Here's an interesting and surprising commentary from one composer about another. Considering that Louis Spohr was one of the most respected and progressive composers during the 19th Century, who actively embraced new paths in music, it's astonishing to read he felt that no less than Ludwig van Beethoven had lost his way!
In his autobiography, Louis Spohr wrote:Bis zu diesem Zeitpunkte war eine Abnahme der Beethovenschen Schöpfungskraft nicht zu bemerken. Da er aber von nun an bei immer zunehmender Taubheit gar keine Musik mehr hören konnte, so mußte dies notwendig lähmend auf seine Phantasie einwirken. Sein stetes Streben, originell zu sein und neue Bahnen zu brechen, konnte nun nicht mehr wie früher durch das Ohr vor Irrwegen bewahrt werden. War es daher zu verwundern, daß seine Arbeiten immer barocker, unzusammenhängender und unverständlicher wurden? Zwar gibt es Leute, die sich einbilden, sie zu verstehen und in ihrer Freude darüber sie weit über seine frühern Meisterwerke erheben. Ich gehöre aber nicht zu ihnen und gestehe frei, daß ich den letzten Arbeiten Beethovens nie habe Geschmack abgewinnen können. Ja, bei mir beginnt das schon bei der viel bewunderten neunten Symphonie, deren drei erste Sätze mir, trotz einzelner Genieblitze, schlechter vorkommen als sämtliche der acht frühern Symphonien, deren vierter Satz mir aber so monströs und geschmacklos und in seiner Auffassung der Schillerschen Ode so trivial erscheint, daß ich immer noch nicht begreifen kann, wie ihn ein Genius wie der Beethovensche so niederschreiben konnte. Ich finde darin einen neuen Beleg zu dem, was ich schon in Wien bemerkte, daß es Beethoven an ästhetischer Bildung und an Schönheitssinn fehlte.

[Up to this point in time was no decrease of Beethoven's creative strength to be noticed. Since however from now on with ever-increasing deafness he could hear no more music, then this necessarily had to affect his inspiration. His constant striving to be original and break new courses could not now as in former times be protected from wrong paths by the ear. Was it to be surprised from there that his works became ever more baroque, disconnected and incomprehensible? Certainly there are people, who imagine themselves to understand him and in their joy raise them far over his earlier masterpieces. I belong however not to them and confess freely that I could never have a taste for Beethoven's last works. Yes, with me it begins already with the much-admired Ninth Symphony whose three first movements seem to me, despite individual lightnings of genius, worse than the eight earlier symphonies collectively, and whose fourth movement appears however so monstrous and tasteless and in its view of the Schiller Ode so trivial to me that I cannot yet understand how a genius like Beethoven could write it down in such a way. I find therein a new proof to what I already noticed in Vienna, that Beethoven was missing an aesthetic constitution and sense of beauty.]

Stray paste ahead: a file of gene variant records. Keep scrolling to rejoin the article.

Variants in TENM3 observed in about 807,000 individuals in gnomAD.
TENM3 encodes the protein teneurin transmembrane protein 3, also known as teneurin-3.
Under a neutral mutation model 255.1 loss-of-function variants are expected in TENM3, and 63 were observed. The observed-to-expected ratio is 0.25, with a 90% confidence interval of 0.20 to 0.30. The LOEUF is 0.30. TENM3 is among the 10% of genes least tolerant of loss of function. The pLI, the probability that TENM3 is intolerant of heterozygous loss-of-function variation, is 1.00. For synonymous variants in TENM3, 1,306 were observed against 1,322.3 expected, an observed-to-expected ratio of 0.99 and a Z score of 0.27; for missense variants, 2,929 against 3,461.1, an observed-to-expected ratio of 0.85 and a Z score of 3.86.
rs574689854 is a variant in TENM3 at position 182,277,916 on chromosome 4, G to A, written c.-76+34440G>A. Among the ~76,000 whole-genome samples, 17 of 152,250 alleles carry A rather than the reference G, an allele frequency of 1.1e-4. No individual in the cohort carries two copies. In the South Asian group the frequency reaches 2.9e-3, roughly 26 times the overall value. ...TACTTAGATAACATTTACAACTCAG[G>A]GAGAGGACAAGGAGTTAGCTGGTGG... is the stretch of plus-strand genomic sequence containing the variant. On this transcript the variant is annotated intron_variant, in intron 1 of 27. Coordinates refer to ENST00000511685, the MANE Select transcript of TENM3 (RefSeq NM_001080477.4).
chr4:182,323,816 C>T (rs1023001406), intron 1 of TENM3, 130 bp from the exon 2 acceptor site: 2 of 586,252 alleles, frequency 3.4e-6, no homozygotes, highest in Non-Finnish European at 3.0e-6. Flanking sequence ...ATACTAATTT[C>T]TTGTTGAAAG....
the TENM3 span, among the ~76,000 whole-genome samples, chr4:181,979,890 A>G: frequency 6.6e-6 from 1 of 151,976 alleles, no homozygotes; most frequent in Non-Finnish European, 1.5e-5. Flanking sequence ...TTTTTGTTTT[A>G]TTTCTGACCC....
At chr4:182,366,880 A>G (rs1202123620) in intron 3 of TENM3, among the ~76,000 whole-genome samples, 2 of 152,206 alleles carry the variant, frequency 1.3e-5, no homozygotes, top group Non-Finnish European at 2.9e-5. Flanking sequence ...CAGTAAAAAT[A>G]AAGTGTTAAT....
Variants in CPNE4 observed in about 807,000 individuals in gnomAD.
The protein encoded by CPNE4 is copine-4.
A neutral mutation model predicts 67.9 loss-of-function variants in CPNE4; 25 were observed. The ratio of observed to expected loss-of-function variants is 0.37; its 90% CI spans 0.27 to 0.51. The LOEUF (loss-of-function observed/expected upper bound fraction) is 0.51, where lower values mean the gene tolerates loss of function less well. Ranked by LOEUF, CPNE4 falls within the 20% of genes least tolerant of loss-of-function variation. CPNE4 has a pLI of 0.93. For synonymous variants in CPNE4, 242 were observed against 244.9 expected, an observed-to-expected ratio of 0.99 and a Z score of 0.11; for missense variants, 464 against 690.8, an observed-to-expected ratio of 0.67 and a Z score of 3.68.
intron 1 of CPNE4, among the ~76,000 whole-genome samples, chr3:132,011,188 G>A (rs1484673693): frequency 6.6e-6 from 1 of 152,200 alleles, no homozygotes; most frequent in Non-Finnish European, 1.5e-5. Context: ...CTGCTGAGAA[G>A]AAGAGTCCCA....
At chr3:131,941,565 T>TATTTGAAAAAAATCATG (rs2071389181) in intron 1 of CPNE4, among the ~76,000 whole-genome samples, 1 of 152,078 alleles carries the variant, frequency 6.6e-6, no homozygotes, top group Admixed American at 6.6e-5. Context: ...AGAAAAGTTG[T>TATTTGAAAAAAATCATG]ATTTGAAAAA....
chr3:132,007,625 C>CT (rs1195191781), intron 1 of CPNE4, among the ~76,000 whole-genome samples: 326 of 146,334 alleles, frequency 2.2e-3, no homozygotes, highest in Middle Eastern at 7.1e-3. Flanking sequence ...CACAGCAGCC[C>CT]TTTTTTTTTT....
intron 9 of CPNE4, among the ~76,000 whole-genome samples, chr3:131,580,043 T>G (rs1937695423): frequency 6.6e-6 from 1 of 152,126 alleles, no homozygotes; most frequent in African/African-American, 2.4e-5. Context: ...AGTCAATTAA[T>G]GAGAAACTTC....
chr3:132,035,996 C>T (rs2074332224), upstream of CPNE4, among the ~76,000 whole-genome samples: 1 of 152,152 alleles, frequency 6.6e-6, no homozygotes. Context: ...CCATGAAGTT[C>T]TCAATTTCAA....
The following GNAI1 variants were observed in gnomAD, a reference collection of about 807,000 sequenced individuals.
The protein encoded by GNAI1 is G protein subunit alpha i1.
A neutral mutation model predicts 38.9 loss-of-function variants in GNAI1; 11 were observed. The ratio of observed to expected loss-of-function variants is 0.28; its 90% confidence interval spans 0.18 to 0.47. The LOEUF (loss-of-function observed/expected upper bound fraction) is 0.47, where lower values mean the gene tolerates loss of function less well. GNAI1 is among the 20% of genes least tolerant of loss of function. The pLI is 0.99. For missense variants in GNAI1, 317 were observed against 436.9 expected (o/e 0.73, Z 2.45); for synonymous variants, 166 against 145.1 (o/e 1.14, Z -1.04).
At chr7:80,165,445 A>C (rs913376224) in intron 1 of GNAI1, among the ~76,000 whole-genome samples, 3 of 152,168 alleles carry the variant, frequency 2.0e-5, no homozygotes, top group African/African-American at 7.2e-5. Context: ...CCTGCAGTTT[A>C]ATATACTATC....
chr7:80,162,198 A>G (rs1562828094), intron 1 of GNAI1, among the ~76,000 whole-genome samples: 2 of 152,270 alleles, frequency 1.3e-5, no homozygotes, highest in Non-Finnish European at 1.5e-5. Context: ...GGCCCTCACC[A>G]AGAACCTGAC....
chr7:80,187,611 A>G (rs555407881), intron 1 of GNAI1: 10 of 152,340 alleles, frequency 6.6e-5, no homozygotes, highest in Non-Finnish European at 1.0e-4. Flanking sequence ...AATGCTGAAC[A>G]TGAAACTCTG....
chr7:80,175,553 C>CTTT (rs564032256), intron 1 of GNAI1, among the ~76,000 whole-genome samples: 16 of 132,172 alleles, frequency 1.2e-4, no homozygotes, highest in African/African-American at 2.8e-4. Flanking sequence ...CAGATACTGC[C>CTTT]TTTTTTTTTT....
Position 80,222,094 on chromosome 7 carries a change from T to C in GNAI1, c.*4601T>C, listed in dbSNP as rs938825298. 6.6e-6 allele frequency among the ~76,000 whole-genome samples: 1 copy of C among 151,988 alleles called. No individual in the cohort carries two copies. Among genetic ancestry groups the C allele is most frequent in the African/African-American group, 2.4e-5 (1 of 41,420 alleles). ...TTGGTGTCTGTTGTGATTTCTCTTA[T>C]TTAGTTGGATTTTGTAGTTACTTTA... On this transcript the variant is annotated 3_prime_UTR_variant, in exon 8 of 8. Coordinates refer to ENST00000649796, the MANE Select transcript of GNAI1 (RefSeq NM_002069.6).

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Re: Composers who lost something as they got older

Post by Heck148 » Sun Nov 14, 2010 12:53 am

diegobueno wrote:Stravinsky lost some things as he got older, but he also gained things. There remains, though, an essential personality that remained unchanged, and that keeps me listening to all of his music, early middle and late.
I agree, Stravinsky's genius did not diminish at all as ahe aged. he simply explored different highways and byways...his middle and late works are fascinating and brilliant, even if not as immediately flashy or appealing as the earlier ballets...

I love Sibelius' early works - they show a unique, powerful voice....but his late works are excellent also, very different, but I enjoy them all.

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Re: Composers who lost something as they got older

Post by Jack Kelso » Sun Nov 14, 2010 3:02 am

jbuck919 wrote:Let's get real, folks. The great composers--and for once I will give that an inclusive rather than exclusive interpretation--seem to have been immune to senility. I don't think that any of the examples cited here amount to anything approaching evidence of decline in powers due to age. Composers like Schumann and Sibelius whose life extended beyond their productivity because of disability do not count.
As scholars study the late Schumann works they become more and more impressed with the depth of content in works such as the Violin Concerto, Märchenerzählungen für Klavier, Viola und Klarinette, the Maria Stuart Lieber, "Die Braut von Messina" Overture, the "Faust" music and many, many more.

John, if you wish to accept the widespread fable that these and other late works are less inspired or of a technically lower level than his more popular masterpieces, then you will only be cheating yourself of some truly remarkable listening experiences.

Tschüß,
Jack
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Re: Composers who lost something as they got older

Post by Jack Kelso » Sun Nov 14, 2010 3:13 am